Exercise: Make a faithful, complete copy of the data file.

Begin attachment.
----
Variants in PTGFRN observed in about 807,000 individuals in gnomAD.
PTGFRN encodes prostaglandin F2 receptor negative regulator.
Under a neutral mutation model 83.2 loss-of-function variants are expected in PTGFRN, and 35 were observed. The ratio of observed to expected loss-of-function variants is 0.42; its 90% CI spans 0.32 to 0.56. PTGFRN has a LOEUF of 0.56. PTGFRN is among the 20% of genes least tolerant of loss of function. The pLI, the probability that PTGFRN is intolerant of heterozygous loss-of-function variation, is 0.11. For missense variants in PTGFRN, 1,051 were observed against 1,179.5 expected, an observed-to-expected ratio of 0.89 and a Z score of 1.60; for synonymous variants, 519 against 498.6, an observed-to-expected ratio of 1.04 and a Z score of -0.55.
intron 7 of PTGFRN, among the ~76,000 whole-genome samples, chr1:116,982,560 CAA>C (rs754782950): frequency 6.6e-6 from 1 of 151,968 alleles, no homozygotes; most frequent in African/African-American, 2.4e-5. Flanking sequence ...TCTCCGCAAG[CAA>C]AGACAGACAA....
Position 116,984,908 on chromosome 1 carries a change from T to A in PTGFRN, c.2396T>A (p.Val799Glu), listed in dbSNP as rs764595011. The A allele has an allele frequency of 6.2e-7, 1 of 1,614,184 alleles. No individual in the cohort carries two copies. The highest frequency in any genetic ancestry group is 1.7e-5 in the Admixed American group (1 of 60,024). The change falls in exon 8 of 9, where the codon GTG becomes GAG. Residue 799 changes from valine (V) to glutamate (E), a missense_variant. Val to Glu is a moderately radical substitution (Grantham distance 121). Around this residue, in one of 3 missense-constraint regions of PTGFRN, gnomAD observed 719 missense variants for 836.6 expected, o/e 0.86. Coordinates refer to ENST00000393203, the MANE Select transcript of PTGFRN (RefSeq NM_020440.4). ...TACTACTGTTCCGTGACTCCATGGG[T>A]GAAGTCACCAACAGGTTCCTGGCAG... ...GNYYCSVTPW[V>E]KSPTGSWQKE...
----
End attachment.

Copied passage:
Variants in PTGFRN observed in about 807,000 individuals in gnomAD.
PTGFRN encodes prostaglandin F2 receptor negative regulator.
Under a neutral mutation model 83.2 loss-of-function variants are expected in PTGFRN, and 35 were observed. The ratio of observed to expected loss-of-function variants is 0.42; its 90% CI spans 0.32 to 0.56. PTGFRN has a LOEUF of 0.56. PTGFRN is among the 20% of genes least tolerant of loss of function. The pLI, the probability that PTGFRN is intolerant of heterozygous loss-of-function variation, is 0.11. For missense variants in PTGFRN, 1,051 were observed against 1,179.5 expected, an observed-to-expected ratio of 0.89 and a Z score of 1.60; for synonymous variants, 519 against 498.6, an observed-to-expected ratio of 1.04 and a Z score of -0.55.
intron 7 of PTGFRN, among the ~76,000 whole-genome samples, chr1:116,982,560 CAA>C (rs754782950): frequency 6.6e-6 from 1 of 151,968 alleles, no homozygotes; most frequent in African/African-American, 2.4e-5. Flanking sequence ...TCTCCGCAAG[CAA>C]AGACAGACAA....
Position 116,984,908 on chromosome 1 carries a change from T to A in PTGFRN, c.2396T>A (p.Val799Glu), listed in dbSNP as rs764595011. The A allele has an allele frequency of 6.2e-7, 1 of 1,614,184 alleles. No individual in the cohort carries two copies. The highest frequency in any genetic ancestry group is 1.7e-5 in the Admixed American group (1 of 60,024). The change falls in exon 8 of 9, where the codon GTG becomes GAG. Residue 799 changes from valine (V) to glutamate (E), a missense_variant. Val to Glu is a moderately radical substitution (Grantham distance 121). Around this residue, in one of 3 missense-constraint regions of PTGFRN, gnomAD observed 719 missense variants for 836.6 expected, o/e 0.86. Coordinates refer to ENST00000393203, the MANE Select transcript of PTGFRN (RefSeq NM_020440.4). ...TACTACTGTTCCGTGACTCCATGGG[T>A]GAAGTCACCAACAGGTTCCTGGCAG... ...GNYYCSVTPW[V>E]KSPTGSWQKE...